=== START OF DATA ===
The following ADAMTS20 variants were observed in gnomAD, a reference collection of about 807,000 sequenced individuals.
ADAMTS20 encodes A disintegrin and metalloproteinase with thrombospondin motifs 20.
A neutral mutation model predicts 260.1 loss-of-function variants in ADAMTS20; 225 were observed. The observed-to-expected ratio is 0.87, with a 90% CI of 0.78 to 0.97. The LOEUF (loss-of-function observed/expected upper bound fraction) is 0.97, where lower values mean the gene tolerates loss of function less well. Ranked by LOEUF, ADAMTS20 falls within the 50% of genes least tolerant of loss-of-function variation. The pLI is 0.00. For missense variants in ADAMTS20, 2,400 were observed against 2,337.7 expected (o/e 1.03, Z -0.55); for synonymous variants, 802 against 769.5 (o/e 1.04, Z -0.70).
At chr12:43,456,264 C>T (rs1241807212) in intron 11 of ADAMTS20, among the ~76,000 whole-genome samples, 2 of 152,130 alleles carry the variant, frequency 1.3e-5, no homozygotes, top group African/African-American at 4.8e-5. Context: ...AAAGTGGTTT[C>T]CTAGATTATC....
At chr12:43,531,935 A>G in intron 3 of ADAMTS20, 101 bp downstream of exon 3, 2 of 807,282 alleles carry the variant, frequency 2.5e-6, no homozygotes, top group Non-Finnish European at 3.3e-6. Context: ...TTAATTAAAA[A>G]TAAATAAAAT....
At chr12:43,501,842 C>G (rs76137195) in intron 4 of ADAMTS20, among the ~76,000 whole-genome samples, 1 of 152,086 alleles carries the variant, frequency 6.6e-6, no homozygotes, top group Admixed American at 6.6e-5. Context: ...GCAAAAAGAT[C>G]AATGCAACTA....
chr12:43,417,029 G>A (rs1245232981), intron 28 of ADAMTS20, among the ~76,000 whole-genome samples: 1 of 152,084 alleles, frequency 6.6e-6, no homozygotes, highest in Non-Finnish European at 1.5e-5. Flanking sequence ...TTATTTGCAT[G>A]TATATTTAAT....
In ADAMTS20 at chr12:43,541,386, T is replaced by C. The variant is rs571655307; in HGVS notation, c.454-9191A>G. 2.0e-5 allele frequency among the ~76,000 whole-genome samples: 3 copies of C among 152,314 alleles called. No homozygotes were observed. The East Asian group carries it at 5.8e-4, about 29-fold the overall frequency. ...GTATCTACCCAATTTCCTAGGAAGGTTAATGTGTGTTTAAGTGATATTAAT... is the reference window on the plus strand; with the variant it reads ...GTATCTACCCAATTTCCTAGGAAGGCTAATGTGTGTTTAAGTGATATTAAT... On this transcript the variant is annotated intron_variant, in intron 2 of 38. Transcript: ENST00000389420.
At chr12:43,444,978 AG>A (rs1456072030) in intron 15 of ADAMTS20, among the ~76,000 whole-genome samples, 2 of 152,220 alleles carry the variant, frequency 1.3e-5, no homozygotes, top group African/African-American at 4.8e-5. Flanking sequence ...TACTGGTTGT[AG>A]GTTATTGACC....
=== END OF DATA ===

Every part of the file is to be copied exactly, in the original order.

The following ADAMTS20 variants were observed in gnomAD, a reference collection of about 807,000 sequenced individuals.
ADAMTS20 encodes A disintegrin and metalloproteinase with thrombospondin motifs 20.
A neutral mutation model predicts 260.1 loss-of-function variants in ADAMTS20; 225 were observed. The observed-to-expected ratio is 0.87, with a 90% CI of 0.78 to 0.97. The LOEUF (loss-of-function observed/expected upper bound fraction) is 0.97, where lower values mean the gene tolerates loss of function less well. Ranked by LOEUF, ADAMTS20 falls within the 50% of genes least tolerant of loss-of-function variation. The pLI is 0.00. For missense variants in ADAMTS20, 2,400 were observed against 2,337.7 expected (o/e 1.03, Z -0.55); for synonymous variants, 802 against 769.5 (o/e 1.04, Z -0.70).
At chr12:43,456,264 C>T (rs1241807212) in intron 11 of ADAMTS20, among the ~76,000 whole-genome samples, 2 of 152,130 alleles carry the variant, frequency 1.3e-5, no homozygotes, top group African/African-American at 4.8e-5. Context: ...AAAGTGGTTT[C>T]CTAGATTATC....
At chr12:43,531,935 A>G in intron 3 of ADAMTS20, 101 bp downstream of exon 3, 2 of 807,282 alleles carry the variant, frequency 2.5e-6, no homozygotes, top group Non-Finnish European at 3.3e-6. Context: ...TTAATTAAAA[A>G]TAAATAAAAT....
At chr12:43,501,842 C>G (rs76137195) in intron 4 of ADAMTS20, among the ~76,000 whole-genome samples, 1 of 152,086 alleles carries the variant, frequency 6.6e-6, no homozygotes, top group Admixed American at 6.6e-5. Context: ...GCAAAAAGAT[C>G]AATGCAACTA....
chr12:43,417,029 G>A (rs1245232981), intron 28 of ADAMTS20, among the ~76,000 whole-genome samples: 1 of 152,084 alleles, frequency 6.6e-6, no homozygotes, highest in Non-Finnish European at 1.5e-5. Flanking sequence ...TTATTTGCAT[G>A]TATATTTAAT....
In ADAMTS20 at chr12:43,541,386, T is replaced by C. The variant is rs571655307; in HGVS notation, c.454-9191A>G. 2.0e-5 allele frequency among the ~76,000 whole-genome samples: 3 copies of C among 152,314 alleles called. No homozygotes were observed. The East Asian group carries it at 5.8e-4, about 29-fold the overall frequency. ...GTATCTACCCAATTTCCTAGGAAGGTTAATGTGTGTTTAAGTGATATTAAT... is the reference window on the plus strand; with the variant it reads ...GTATCTACCCAATTTCCTAGGAAGGCTAATGTGTGTTTAAGTGATATTAAT... On this transcript the variant is annotated intron_variant, in intron 2 of 38. Transcript: ENST00000389420.
At chr12:43,444,978 AG>A (rs1456072030) in intron 15 of ADAMTS20, among the ~76,000 whole-genome samples, 2 of 152,220 alleles carry the variant, frequency 1.3e-5, no homozygotes, top group African/African-American at 4.8e-5. Flanking sequence ...TACTGGTTGT[AG>A]GTTATTGACC....